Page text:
Potential Cause of Asthma Discovered May Also Lead to Cure

Cardiff scientists have for the first time identified the potential root cause of asthma and an existing drug that offers a new treatment.


Published today in Science Translational Medicine journal, University researchers, working in collaboration with scientists at King's College London and the Mayo Clinic (USA), describe the previously unproven role of the calcium sensing receptor (CaSR) in causing asthma, a disease which affects 300 million people worldwide.

The team used mouse models of asthma and human airway tissue from asthmatic and non-asthmatic people to reach their findings.

Crucially, the paper highlights the effectiveness of a class of drugs known as calcilytics in manipulating CaSR to reverse all symptoms associated with the condition. These symptoms include airway narrowing, airway twitchiness and inflammation - all of which contribute to increased breathing difficulty.

"Our findings are incredibly exciting," said the principal investigator, Professor Daniela Riccardi, from the School of Biosciences. "For the first time we have found a link airways inflammation, which can be caused by environmental triggers - such as allergens, cigarette smoke and car fumes – and airways twitchiness in allergic asthma.

"Our paper shows how these triggers release chemicals that activate CaSR in airway tissue and drive asthma symptoms like airway twitchiness, inflammation, and narrowing. Using calcilytics, nebulized directly into the lungs, we show that it is possible to deactivate CaSR and prevent all of these symptoms."

Dr Samantha Walker, Director of Research and Policy at Asthma UK, who helped fund the research, said:

"This hugely exciting discovery enables us, for the first time, to tackle the underlying causes of asthma symptoms. Five per cent of people with asthma don't respond to current treatments so research breakthroughs could be life changing for hundreds of thousands of people.

"If this research proves successful we may be just a few years away from a new treatment for asthma, and we urgently need further investment to take it further through clinical trials. Asthma research is chronically underfunded; there have only been a handful of new treatments developed in the last 50 years so the importance of investment in research like this is absolutely essential."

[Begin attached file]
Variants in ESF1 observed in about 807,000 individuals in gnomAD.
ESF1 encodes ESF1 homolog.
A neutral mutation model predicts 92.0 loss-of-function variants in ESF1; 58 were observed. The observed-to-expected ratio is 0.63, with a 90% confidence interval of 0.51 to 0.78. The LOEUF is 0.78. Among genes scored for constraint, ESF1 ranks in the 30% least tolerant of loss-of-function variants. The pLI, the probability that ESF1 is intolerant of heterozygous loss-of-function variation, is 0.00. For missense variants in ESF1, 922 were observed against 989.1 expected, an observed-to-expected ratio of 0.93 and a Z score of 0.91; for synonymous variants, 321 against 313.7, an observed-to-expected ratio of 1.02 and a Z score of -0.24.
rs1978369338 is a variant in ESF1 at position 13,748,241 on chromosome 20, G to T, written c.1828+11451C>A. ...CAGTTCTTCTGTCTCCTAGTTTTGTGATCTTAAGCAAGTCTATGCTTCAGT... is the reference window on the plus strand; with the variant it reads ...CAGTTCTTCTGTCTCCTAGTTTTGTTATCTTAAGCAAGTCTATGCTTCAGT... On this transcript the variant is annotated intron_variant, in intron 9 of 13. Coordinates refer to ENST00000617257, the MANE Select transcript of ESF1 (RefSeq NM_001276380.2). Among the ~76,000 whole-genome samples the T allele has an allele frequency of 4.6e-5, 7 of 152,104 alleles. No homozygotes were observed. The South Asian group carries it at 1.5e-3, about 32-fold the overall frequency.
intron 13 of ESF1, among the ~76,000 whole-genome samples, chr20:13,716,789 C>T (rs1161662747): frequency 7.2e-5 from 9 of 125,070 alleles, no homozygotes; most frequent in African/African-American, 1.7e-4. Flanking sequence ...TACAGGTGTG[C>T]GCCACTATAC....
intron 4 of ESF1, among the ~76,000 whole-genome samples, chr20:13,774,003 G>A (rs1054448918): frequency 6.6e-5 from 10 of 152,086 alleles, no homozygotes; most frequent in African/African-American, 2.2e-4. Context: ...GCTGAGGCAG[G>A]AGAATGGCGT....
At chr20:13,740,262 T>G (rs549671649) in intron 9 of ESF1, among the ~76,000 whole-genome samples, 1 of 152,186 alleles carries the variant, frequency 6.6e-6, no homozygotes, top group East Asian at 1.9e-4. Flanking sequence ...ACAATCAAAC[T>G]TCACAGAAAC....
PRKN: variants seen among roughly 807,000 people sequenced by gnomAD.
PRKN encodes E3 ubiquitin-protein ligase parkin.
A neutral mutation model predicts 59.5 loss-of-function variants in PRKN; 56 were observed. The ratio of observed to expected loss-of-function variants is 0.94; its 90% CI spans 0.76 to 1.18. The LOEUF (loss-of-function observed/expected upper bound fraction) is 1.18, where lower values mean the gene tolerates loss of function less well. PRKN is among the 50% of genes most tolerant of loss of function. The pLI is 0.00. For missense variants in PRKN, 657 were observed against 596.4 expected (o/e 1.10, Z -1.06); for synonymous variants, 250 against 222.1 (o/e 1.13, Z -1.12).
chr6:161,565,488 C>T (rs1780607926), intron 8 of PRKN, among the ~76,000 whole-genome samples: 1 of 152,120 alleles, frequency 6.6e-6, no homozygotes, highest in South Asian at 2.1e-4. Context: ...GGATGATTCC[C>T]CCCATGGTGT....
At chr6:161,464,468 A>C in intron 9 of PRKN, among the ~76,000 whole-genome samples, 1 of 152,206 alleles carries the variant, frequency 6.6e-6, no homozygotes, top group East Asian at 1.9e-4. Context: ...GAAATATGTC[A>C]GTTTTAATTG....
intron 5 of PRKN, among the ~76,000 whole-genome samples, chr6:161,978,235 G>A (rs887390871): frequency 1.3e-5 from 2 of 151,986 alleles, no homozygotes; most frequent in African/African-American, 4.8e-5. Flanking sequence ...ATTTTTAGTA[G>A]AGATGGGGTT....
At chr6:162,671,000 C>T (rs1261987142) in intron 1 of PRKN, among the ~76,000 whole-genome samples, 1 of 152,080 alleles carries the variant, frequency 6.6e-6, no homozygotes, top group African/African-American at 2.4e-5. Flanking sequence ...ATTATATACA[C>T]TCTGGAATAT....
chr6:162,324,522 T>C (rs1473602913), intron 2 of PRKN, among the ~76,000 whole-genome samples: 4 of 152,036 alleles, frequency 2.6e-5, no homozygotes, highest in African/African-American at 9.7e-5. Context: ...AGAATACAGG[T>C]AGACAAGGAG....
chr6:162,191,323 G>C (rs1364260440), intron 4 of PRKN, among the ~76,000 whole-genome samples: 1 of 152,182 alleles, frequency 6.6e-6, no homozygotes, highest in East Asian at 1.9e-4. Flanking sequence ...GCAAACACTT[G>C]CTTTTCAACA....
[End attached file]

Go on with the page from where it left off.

While asthma is well controlled in some people, around one-in-twelve patients respond poorly to current treatments. This significant minority accounts for around 90% of healthcare costs associated with the condition.

According to Cardiff Professor Paul Kemp, who co-authored the study, the identification of CaSR in airway tissue means that the potential for treatment of other inflammatory lung diseases beyond asthma is immense. These include chronic obstructive pulmonary disease (COPD) and chronic bronchitis, for which currently there exists no cure. It is predicted that by 2020 these diseases will be the third biggest killers worldwide.Professor Riccardi and her collaborators are now seeking funding to determine the efficacy of calcilytic drugs in treating asthmas that are especially difficult to treat, particularly steroid-resistant and influenza-exacerbated asthma, and to test these drugs in patients with asthma.

Calcilytics were first developed for the treatment of osteoporosis around 15 years ago with the aim of strengthening deteriorating bone by targeting CaSR to induce the release of an anabolic hormone. Although clinically safe and well tolerated in people, calcilytics proved unsuccessful in treating osteoporosis.

But this latest breakthrough has provided researchers with the unique opportunity to re-purpose these drugs, potentially accelerating the time it takes for them to be approved for use asthma patients. Once funding has been secured, the group aim to be trialling the drugs on humans within two years.